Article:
By Cleaver Patterson.
Judy Hopps (Ginnifer Goodwin) is a young bunny with big ideas. Living in the rural town of Bunnyburrow her parents expect her to follow in the family tradition, growing and selling various fruit and vegetables. But Judy yearns to go to the fabled city of Zootopia, where she aims to become the first rabbit to join the city’s police department. Despite her parent’s misgivings she’s accepted into the police training academy and graduates to become a fully fledged member of the police force. However as usual dreams bare little resemblance to reality, and she meets with hostility not just from the general public, but also the chauvinistic members of the mainly male police force itself. However, it’s not until she meets Nick Wilde (Jason Bateman), a wily and sly con-artist fox, that she realises her troubles are only beginning.
It’s a fact universally acknowledged that, in the field of the animation, Disney reigns supreme. Save the occasional slip — Fantasia (1940), their exquisite blending of animation and classical music, now considered a masterpiece, bombed with critics and public alike when first released — almost every cartoon feature the house of mouse has turned out has turned to box-office gold. Their films — whether in the craftsmanship of their animation, credibility of their characters or inventiveness of their stories — released over the last seventy plus years have set the standard by which other studios have tried, though more often than not failed, to emulate.
The studio’s success seemingly came to a head with Frozen (2013) which became the most successful animated feature ever grossing over $1,250,000,000 at the box-office. Until, that is, their new smash-hit Zootopia (2016) (aka Zootropolis in some countries, including the UK) — directed by Byron Howard and Rich Moore and featuring the voice talents of Goodwin, Bateman and Idris Elba — opened with estimated takings during its first weekend of $70,000,000 plus in America, putting even Frozen’s American three day opening record of $67,000,000 in the shade. What, you ask, could make a hundred and eight minute cartoon, so popular? Is there really anywhere else that this art form can go? Well, in this age of computer generated animation where you can see every hair on an animal’s body twitch and every individual blade of grass in a field move with the slightest breath of wind, perhaps not in the visual department. Instead these films have begun refocusing their energies on clever plots and characterisation, elements which have always had a strong appeal in Disney’s films.
Of course Disney isn’t stupid and the bottom line, even with them, is to make money. If the filmmakers can come up with characters with public appeal which can be transformed into an endless string of merchandising opportunities, it creates a virtual licence to print money. Frozen did this, as well as winning an Oscar for its catchy theme song ‘Let It Go’, and you can see the same happening with Zootopia: expect very soon to see thousands of kids running round dressed like mini Officer Hops or in younger versions of Nick Wilde’s cool dude duds.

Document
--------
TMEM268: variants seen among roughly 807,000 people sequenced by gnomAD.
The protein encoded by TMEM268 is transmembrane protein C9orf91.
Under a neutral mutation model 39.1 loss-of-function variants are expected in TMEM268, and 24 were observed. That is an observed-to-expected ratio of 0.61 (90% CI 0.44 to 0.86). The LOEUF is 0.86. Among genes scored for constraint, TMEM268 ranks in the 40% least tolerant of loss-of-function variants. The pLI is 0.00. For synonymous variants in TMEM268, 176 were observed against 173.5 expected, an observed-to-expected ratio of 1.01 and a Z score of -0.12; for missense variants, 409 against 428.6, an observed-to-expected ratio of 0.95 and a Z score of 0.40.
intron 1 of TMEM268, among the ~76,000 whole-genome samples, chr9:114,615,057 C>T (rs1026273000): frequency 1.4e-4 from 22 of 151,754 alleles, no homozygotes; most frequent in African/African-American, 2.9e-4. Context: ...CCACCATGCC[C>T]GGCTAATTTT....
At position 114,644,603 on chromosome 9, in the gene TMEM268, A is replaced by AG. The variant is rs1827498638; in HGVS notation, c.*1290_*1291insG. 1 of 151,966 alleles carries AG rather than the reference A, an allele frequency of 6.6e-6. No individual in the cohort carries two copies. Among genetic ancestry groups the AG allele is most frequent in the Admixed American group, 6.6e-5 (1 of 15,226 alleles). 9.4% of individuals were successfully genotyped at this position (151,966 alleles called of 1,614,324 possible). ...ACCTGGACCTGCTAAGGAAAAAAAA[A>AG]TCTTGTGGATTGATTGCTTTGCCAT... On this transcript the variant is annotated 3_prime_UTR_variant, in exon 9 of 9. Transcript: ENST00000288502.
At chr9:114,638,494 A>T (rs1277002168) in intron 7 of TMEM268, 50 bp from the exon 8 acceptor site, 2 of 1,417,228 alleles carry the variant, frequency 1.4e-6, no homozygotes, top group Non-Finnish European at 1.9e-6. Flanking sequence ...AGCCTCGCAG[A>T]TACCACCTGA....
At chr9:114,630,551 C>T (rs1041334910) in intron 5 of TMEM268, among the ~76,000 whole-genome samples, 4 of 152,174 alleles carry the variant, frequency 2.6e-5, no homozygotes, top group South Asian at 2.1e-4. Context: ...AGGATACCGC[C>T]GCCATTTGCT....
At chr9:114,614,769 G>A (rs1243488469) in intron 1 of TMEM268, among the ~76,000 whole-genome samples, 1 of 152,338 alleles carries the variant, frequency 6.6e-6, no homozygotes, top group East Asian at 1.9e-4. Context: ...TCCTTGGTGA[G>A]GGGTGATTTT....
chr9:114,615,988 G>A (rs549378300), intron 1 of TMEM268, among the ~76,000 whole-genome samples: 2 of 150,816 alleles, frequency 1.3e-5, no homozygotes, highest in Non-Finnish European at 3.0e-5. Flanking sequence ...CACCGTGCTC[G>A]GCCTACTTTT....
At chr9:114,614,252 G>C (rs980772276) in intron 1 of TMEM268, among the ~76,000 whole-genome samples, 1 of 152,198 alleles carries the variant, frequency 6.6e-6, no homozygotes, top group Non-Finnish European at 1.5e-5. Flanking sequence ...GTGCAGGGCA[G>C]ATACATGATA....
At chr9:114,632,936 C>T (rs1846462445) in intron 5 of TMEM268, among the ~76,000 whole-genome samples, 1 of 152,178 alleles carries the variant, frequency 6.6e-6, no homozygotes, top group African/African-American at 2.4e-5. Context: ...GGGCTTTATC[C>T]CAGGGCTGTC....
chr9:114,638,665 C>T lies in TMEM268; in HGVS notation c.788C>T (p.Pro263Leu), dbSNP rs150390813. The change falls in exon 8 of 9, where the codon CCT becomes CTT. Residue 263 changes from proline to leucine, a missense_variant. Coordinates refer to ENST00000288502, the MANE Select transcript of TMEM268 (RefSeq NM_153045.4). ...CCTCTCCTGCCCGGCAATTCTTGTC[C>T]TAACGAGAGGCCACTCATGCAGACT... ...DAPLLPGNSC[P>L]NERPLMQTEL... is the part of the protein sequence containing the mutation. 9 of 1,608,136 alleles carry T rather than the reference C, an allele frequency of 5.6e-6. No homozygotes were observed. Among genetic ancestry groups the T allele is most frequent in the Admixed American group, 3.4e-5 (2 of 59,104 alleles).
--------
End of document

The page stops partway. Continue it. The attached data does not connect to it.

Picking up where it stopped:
However, putting aside any cynicism about the crass commerciality of this ‘family’ orientated film, it so happens that Zootopia is also very ‘good’ entertainment, due in no small way to a wonderfully witty screenplay by Jared Bush and Phil Johnston. From the marvellously realised city of Zootopia where a virtual Noah’s Ark of animals go about their everyday business in perfect harmony, to the characters so brilliantly realised that the viewer forgets that these are not humans, but instead animals dressed and talking as them, the filmmakers have created a dry and sharply witty take on contemporary culture and modern morals. As usual with the most successful of these kind of films, there are enough ‘jokes’ and ‘inferences’ — many of which will go straight over kid’s heads — to keep adult viewers from getting bored. This, of course, is another ploy which Disney twigged onto early on and have used to their advantage ever since. Most kids will only see the film in the cinema if an adult accompanies them, so it’s to the studio’s advantage to include enough elements to keep the older market happy as well: here a running Godfather (1972) gag and subtle references to Private Benjamin (1980) will have those of a certain age doubled up with laughter.
The other aspect which has always featured heavily in family animation — particularly in films originating from America — is the presence of a strong moral code. Here we have a message of non-conformity and the power of self-belief, as seen in Hopps determination to follow her dream and, against the odds, become Zootopias’ first rabbit police officer. This essence of the ultimate reward in individuality, is mirrored in the cavalcade of animal characters living side by side in harmony in a city which caters to every one of their distinct characteristics and idiosyncratic requirements.
Ultimately the story behind Zootopia, like those which have formed the basis for many of Disney’s cartoon features, is a fairy tale, albeit this time a modern interpretation of one. Taken too seriously and impressionable children could be in danger of thinking that everything in real life will work out fine, like it does in the movies. On-the-other-hand a little more of Zootopia’s ‘fantasy’ in our lives, might not be such a bad thing either.
Cleaver Patterson is a film journalist and critic based in London. News Editor for Flickfeast website, he contributes to a number of other publications and websites including Rue Morgue, Film International and Video Watchdog.
Zootopia opened theatrically in the U.S. on the 4th March, 2015, and will open in the U.K. on the 25th March, 2015.